Friday, April 23, 2010


Leni Riefenstahl, Germany, 1938, bw (9.2*)

This historic documentary shot by the Nazi propaganda machine's chief filmmaker still looks modern today. The idea originally was to show the glory of Germany and document their many Olympic victories in a fine film by their top director, but the politics were taken out when black American Jesse Owens and others stole the thunder, leaving the Germans with little more than this filmed record.

Riefenstahl pioneered a number of techniques that will look more commonplace today. One that stands out here is burying a camera at the starting line of the 100-yard dash to capture a ground-eye view of that race's tension just before the gun. She always manages to interest the eye even when the action isn't so riveting, and is a master of b&w composition and lighting.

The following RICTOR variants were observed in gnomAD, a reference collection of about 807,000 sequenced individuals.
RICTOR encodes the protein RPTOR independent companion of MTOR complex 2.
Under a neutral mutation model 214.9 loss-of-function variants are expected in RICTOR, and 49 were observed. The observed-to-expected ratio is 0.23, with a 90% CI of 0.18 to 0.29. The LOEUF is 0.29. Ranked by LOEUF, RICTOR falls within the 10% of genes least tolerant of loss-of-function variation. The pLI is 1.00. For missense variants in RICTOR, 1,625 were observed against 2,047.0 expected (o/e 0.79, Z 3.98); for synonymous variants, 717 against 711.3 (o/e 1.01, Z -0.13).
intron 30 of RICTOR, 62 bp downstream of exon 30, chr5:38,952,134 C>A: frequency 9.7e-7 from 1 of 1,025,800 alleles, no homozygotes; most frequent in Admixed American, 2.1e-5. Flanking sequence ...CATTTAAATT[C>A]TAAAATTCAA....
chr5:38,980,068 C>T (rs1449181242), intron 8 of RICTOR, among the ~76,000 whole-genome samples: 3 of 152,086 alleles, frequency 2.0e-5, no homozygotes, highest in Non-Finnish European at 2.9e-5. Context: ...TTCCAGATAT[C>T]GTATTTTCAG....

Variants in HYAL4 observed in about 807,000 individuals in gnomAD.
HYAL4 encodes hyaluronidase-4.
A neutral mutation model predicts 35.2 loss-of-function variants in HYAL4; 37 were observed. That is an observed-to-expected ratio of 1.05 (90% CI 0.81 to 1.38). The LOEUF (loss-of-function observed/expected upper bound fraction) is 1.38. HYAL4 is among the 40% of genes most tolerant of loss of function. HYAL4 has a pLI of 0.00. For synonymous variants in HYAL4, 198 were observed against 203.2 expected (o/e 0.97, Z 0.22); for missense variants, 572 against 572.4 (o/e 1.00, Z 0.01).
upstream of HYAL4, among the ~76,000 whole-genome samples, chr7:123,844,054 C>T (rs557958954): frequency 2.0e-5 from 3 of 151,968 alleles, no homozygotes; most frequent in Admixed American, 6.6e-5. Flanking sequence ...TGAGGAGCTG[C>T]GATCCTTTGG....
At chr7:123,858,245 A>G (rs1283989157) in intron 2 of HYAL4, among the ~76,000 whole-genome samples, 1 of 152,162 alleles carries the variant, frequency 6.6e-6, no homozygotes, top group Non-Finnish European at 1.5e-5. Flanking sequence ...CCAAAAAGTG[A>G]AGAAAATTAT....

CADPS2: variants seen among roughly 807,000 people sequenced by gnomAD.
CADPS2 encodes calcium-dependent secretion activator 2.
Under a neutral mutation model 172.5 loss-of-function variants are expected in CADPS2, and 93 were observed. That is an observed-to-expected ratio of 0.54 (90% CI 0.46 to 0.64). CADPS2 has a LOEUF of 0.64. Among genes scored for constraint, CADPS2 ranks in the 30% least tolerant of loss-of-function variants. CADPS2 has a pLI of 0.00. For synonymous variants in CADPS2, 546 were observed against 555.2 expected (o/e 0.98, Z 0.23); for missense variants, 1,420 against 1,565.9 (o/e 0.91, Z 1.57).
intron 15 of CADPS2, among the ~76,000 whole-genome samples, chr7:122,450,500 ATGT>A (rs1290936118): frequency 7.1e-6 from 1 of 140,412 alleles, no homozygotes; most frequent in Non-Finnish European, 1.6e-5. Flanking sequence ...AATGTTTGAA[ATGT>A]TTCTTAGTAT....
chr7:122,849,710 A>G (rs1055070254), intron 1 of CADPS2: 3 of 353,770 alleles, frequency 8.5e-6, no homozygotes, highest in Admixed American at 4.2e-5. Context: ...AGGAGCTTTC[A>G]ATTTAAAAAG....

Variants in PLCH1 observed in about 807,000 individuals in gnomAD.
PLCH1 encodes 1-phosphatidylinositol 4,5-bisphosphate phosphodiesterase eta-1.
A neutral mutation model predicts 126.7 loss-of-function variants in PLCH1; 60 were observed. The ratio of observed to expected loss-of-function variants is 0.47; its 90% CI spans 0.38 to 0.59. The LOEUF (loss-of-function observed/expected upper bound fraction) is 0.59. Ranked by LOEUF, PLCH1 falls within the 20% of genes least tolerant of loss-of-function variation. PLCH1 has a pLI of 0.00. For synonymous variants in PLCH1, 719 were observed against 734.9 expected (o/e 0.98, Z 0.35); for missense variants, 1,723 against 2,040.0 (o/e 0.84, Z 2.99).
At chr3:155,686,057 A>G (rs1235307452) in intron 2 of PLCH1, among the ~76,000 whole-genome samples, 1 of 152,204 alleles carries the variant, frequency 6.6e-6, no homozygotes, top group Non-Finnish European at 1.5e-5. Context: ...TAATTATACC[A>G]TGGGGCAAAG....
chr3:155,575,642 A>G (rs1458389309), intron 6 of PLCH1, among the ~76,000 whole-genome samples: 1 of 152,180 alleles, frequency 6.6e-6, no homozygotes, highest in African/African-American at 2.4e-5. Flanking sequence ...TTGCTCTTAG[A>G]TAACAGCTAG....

Denounced by many for being the film voice for the Nazis, Riefenstahl later apologized for making Triumph of the Will (1935) in particular, about the rise of Hitler and the party, and attempted a normal film career afterwards, but never again approached the artistic achievement of these two documentaries.


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These are the individual film reviews of what I'm considering the best 1000 dvds available, whether they are films, miniseries, or live concerts. Rather than rush out all 1000 at once, I'm doing them over time to allow inclusion of new releases - in fact, 2008 has the most of any year so far, 30 titles in all; that was a very good year for films, one of the best ever.

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